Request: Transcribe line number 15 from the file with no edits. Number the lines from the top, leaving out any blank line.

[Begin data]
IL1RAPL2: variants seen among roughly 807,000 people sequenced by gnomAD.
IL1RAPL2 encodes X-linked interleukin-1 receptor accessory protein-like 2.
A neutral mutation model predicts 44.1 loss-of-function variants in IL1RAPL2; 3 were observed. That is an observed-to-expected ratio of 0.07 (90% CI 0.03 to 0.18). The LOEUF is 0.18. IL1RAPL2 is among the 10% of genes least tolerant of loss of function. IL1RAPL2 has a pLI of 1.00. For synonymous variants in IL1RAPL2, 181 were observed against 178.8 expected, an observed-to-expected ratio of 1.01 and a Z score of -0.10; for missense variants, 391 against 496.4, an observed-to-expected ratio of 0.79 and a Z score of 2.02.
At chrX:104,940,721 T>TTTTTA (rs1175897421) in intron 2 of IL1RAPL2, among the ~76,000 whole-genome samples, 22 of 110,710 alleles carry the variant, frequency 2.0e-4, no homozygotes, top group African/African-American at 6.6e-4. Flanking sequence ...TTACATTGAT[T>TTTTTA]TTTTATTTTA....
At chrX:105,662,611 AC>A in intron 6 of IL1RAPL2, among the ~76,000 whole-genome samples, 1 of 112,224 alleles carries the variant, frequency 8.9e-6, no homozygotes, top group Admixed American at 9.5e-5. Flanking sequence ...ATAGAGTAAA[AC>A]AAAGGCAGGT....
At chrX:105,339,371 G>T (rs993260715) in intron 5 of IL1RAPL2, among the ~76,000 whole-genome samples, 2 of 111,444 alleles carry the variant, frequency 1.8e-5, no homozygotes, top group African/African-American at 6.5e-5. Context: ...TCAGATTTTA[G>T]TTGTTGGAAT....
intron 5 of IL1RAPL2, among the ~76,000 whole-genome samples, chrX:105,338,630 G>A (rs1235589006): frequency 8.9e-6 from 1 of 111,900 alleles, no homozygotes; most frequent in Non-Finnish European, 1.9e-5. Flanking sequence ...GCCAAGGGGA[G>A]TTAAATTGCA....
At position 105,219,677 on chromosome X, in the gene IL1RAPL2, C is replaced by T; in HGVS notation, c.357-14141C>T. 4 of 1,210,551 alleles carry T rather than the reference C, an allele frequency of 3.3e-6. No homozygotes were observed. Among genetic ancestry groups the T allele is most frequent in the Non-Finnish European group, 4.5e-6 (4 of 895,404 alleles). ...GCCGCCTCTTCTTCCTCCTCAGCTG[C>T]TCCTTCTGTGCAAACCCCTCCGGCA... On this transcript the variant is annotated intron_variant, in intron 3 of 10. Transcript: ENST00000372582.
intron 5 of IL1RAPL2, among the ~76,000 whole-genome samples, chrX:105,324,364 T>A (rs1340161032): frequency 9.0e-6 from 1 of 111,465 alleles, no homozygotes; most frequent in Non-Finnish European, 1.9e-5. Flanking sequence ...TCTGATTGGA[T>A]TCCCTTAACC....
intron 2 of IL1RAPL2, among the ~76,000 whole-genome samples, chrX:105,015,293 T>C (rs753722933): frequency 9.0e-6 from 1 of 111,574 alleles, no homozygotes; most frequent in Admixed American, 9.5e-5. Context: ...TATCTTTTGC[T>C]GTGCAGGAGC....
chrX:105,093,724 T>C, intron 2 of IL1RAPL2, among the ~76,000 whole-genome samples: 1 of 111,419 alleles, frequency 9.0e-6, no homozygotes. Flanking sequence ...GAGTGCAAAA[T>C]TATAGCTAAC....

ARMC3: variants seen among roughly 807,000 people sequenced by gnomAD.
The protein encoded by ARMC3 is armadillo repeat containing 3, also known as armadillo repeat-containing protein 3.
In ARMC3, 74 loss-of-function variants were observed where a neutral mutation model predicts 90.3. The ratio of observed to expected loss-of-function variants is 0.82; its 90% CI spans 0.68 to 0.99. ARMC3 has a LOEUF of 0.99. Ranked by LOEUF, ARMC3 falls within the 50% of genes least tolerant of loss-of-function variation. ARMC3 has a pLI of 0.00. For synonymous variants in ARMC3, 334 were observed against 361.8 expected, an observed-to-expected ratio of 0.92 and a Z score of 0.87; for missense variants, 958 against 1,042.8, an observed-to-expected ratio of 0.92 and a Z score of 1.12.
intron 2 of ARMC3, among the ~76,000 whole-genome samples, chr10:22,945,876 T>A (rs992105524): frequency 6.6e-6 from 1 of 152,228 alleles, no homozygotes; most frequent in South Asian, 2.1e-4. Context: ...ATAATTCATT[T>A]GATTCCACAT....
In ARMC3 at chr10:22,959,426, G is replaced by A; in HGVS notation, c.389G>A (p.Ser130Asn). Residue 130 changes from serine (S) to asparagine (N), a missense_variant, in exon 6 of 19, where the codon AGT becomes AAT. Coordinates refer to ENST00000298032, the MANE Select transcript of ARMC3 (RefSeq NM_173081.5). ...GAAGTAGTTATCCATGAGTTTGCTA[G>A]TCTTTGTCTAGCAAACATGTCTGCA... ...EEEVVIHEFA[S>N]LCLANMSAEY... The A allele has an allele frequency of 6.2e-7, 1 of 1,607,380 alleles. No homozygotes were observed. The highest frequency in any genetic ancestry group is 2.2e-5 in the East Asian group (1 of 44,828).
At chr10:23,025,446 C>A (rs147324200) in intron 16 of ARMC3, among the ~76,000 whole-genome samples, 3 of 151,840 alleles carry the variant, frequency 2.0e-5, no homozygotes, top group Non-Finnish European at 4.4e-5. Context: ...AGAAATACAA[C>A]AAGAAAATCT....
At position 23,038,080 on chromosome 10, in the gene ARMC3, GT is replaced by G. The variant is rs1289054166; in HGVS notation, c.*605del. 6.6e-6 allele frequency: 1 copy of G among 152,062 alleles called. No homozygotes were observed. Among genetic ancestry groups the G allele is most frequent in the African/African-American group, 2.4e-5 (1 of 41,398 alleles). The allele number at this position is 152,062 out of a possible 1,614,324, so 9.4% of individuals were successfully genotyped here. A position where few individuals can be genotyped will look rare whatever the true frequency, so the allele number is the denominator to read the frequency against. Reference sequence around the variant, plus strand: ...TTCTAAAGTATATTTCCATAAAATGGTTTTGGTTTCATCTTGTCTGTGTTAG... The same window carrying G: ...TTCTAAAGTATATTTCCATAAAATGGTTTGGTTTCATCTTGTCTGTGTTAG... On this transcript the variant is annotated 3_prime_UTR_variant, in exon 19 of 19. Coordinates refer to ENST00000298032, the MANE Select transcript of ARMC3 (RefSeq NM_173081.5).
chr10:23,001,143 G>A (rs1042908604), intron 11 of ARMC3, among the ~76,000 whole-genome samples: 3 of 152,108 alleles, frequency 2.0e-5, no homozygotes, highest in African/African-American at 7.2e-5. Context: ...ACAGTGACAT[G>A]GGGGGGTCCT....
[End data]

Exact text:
intron 2 of ARMC3, among the ~76,000 whole-genome samples, chr10:22,945,876 T>A (rs992105524): frequency 6.6e-6 from 1 of 152,228 alleles, no homozygotes; most frequent in South Asian, 2.1e-4. Context: ...ATAATTCATT[T>A]GATTCCACAT....